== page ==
Hey folks, today let’s talk about death metal.
Barbarian Prophecies – Origin (digital: 19 April 2018; vinyl: Base Record Production / Hecatombe Records / Iron Matron Records, 21 June 2019)
Barbarian Prophecies – Horizon (digital: 06 July 2021; physical: Base Record Production / Hecatombe Records / Violence in the Veins, Iron Matron Records, 01 November 2021)
Death metal tends to be a genre somewhat underrepresented on this website, mostly because it so infrequently catches the attention of your humble chief writer and publisher, if I’m being honest. Often I find it to be either bland and formulaic, or trying too hard to be impressive and technical in nature, and consequently artificial-sounding.
Galician crew Barbarian Prophecies, however, is one group that really made me take notice when I first heard them almost a full decade ago, when Valley of Steel was still very much in its infancy, and for a short while I had resorted to trawling the Roadrunner Records‘ “Signmeto” website (which was discontinued not long after) for fresh new content about which to write.
I had become a fan of the band at that time for the way they combined high-quality instrumental talents with varied-enough-to-stay-interesting songwriting, putting dark and doomy vibes with mid-tempoed death riffs. And for all those reasons I’ve kept up with the band on and off since then — and today have chosen to take advantage of some very rare downtime to chat with you readers about their latest two releases.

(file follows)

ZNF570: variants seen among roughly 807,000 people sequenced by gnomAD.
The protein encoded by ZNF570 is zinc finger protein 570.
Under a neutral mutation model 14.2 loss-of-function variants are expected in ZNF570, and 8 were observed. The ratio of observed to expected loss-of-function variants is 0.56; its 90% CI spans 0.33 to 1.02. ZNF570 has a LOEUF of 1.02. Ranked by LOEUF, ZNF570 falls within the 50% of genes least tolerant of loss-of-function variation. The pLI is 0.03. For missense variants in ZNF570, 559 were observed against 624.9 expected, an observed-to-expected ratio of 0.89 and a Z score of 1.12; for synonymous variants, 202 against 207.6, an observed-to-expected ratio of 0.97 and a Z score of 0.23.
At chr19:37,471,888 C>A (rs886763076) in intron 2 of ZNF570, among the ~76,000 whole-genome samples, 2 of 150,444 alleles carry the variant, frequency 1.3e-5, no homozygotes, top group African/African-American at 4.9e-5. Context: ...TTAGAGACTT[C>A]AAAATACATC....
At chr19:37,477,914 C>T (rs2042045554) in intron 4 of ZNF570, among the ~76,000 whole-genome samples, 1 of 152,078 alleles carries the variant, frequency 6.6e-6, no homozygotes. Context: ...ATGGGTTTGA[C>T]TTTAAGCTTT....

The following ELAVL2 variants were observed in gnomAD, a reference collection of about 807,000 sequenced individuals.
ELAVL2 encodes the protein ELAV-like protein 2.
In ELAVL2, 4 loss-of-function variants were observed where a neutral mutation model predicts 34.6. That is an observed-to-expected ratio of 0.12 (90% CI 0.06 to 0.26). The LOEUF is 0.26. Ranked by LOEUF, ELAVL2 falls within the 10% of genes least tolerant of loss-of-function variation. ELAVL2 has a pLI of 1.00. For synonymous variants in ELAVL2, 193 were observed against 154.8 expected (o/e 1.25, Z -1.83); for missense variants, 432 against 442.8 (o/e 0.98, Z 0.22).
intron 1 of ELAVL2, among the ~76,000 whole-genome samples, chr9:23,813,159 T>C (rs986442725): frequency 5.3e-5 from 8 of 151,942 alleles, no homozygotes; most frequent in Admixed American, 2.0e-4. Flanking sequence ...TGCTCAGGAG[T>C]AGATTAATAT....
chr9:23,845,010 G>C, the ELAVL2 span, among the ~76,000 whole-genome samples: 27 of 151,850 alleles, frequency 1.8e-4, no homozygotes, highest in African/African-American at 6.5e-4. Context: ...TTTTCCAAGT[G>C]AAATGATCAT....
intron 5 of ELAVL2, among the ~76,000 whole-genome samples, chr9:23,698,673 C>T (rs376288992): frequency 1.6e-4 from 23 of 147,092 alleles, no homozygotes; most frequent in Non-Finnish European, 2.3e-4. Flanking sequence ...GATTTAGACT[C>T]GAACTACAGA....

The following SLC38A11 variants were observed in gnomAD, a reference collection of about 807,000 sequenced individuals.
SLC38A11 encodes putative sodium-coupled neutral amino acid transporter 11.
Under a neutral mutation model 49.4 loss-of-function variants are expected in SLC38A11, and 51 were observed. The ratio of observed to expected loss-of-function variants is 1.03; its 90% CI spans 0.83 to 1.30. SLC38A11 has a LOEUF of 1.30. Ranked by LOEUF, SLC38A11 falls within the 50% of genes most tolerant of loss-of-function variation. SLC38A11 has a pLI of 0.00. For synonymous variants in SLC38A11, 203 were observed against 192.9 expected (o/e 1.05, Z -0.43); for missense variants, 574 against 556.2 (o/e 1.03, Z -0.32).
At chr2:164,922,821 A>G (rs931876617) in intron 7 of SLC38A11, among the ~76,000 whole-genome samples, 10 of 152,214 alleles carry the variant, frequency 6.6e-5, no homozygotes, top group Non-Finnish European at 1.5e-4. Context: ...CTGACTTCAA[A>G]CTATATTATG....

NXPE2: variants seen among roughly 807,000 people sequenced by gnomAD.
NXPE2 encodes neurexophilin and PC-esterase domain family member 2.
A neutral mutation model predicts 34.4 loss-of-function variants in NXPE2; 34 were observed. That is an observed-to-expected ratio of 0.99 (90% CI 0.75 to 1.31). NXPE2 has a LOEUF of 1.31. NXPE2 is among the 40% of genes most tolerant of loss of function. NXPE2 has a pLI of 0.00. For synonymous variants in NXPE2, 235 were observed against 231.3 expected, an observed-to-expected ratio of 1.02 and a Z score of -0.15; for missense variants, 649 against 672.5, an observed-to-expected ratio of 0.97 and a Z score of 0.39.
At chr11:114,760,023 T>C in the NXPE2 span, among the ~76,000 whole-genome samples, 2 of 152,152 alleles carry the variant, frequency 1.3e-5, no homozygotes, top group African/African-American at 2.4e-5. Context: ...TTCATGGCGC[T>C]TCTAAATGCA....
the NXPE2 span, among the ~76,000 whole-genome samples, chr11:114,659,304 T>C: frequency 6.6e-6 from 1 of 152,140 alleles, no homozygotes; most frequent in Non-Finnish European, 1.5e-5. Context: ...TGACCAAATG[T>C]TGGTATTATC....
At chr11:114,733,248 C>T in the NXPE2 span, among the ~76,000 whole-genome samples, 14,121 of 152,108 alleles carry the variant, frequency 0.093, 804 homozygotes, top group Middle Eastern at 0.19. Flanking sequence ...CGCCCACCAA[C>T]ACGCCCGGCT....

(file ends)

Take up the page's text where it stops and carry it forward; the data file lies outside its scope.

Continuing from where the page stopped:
Barbarian Prophecies‘ main core of co-guitarists Arnt Bünz and Óscar Besteiro has remained intact over the years, although they did shuffle through a couple different lead vocalists in the mid-twenty-teens, with those reins being taken up ever since then by someone known simply as Alicia, whose gruff and powerful delivery nicely complements the rest of the band (and who has also taken over as the resident bass player as of their newest album), as well as adding new drummer Diego Maya in between these two LPs.
A quick glance at the group’s jagged logo, and the arcane-looking geometric symbols in their album covers and other artwork, and a potential listener might be led to anticipate some sterile, overly-processed tech-death. But this could hardly be farther from the truth, as 2018’s Origin (which caught my ears only upon its vinyl release in 2019, hence its appearance on that year’s best-of list) sounds wholly organic and raw — and despite the addition of occasional synth parts complementing the cosmic theme of this year’s Horizon, if anything this newer album comes across as even raw-er, and more brutal at times, with thick, punchy riffs backing the virtuosic leads and solos.
Both Origin and Horizon can be streamed or downloaded using the following embedded players, while several older releases may also be found on Bandcamp, and in this writer’s opinion any of these would be well worth the time spent checking them out!
* * * * * * *